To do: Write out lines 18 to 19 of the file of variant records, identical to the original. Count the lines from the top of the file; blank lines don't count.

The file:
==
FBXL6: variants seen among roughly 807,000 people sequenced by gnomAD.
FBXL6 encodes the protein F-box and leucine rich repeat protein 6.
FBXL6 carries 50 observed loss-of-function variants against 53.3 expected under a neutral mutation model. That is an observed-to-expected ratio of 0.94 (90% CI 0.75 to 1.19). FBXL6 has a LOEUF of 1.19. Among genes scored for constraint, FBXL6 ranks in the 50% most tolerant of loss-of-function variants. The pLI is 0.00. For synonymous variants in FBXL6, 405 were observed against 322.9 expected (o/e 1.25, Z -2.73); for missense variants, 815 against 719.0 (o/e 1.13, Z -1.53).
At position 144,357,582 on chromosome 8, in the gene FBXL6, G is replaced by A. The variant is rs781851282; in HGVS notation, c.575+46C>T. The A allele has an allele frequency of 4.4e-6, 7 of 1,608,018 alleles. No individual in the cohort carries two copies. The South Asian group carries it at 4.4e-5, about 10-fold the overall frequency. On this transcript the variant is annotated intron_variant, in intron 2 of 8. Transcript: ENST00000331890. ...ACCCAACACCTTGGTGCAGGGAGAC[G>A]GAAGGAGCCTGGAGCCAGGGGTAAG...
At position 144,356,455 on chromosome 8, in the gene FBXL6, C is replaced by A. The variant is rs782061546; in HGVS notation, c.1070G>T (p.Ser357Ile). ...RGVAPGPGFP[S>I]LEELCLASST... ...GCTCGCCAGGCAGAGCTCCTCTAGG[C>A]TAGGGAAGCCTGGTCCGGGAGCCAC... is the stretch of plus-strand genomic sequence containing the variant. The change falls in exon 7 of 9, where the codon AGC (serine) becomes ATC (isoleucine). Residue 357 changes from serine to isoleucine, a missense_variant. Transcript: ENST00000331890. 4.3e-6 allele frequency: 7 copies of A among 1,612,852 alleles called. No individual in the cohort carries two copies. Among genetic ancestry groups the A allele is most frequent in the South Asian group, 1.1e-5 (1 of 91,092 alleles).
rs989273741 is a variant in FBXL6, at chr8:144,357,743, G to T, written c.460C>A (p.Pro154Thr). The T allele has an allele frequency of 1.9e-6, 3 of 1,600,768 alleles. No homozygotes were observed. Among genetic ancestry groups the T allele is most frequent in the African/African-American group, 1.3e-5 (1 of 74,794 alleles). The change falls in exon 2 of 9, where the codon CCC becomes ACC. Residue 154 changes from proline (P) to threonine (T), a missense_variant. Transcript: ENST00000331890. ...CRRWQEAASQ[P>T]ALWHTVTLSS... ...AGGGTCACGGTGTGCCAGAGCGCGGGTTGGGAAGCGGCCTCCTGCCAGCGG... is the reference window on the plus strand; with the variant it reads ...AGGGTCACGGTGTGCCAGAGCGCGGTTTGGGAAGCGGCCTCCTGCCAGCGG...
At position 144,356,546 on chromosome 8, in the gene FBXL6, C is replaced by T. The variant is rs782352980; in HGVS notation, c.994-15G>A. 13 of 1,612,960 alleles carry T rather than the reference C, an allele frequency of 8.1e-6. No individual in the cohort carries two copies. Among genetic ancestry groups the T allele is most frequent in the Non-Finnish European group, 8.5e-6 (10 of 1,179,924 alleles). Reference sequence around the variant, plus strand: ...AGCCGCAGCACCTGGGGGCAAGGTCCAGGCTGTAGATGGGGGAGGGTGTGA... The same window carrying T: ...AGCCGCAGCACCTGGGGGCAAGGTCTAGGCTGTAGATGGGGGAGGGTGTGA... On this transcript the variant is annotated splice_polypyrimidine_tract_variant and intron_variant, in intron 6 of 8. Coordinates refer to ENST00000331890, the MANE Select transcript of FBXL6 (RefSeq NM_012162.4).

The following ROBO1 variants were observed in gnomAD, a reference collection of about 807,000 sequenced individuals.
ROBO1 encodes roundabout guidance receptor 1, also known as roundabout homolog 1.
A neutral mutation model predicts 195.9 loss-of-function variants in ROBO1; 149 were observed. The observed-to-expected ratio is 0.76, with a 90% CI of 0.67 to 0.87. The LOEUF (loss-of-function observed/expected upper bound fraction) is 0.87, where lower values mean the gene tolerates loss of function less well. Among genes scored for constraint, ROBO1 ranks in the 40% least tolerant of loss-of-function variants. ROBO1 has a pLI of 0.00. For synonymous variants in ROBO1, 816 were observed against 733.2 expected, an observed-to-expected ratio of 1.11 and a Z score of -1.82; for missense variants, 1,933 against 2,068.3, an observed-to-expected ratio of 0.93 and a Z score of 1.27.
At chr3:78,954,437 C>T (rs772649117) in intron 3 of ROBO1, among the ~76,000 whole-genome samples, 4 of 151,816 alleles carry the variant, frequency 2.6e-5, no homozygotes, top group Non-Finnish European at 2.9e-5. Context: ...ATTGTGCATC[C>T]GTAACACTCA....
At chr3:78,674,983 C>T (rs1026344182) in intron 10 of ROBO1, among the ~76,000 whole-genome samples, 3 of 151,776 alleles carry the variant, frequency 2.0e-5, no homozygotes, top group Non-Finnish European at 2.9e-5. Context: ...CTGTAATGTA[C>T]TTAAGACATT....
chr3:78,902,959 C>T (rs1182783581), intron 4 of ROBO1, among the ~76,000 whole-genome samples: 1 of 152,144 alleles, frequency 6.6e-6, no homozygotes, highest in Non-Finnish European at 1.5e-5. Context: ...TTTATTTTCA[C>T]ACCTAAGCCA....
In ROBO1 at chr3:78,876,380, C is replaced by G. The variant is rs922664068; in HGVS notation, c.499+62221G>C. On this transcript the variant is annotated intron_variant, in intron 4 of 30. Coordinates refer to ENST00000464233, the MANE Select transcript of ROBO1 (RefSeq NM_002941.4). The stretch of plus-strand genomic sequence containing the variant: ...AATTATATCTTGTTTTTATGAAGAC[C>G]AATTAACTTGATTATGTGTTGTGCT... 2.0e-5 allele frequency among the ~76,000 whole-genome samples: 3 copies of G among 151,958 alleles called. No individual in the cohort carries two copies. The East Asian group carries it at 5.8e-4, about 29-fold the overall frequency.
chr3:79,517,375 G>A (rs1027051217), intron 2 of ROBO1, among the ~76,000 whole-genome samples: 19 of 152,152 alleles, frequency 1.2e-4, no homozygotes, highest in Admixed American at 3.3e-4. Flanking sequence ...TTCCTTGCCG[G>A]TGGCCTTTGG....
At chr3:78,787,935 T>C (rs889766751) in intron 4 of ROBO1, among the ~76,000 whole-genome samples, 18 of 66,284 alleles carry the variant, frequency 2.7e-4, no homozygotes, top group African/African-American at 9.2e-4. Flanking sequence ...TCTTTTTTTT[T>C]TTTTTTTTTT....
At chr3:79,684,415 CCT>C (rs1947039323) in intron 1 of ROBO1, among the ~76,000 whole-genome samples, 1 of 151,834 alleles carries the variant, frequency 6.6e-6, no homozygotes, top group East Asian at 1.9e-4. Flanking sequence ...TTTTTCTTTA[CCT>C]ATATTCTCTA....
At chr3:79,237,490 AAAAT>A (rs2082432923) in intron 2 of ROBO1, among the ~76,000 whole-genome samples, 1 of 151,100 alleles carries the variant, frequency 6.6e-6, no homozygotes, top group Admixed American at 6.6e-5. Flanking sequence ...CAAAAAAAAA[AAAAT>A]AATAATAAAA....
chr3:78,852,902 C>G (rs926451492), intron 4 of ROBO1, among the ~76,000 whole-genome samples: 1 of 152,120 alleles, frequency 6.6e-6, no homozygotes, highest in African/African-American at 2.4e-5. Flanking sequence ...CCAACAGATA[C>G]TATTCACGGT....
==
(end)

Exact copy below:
At chr3:79,237,490 AAAAT>A (rs2082432923) in intron 2 of ROBO1, among the ~76,000 whole-genome samples, 1 of 151,100 alleles carries the variant, frequency 6.6e-6, no homozygotes, top group Admixed American at 6.6e-5. Flanking sequence ...CAAAAAAAAA[AAAAT>A]AATAATAAAA....
chr3:78,852,902 C>G (rs926451492), intron 4 of ROBO1, among the ~76,000 whole-genome samples: 1 of 152,120 alleles, frequency 6.6e-6, no homozygotes, highest in African/African-American at 2.4e-5. Flanking sequence ...CCAACAGATA[C>G]TATTCACGGT....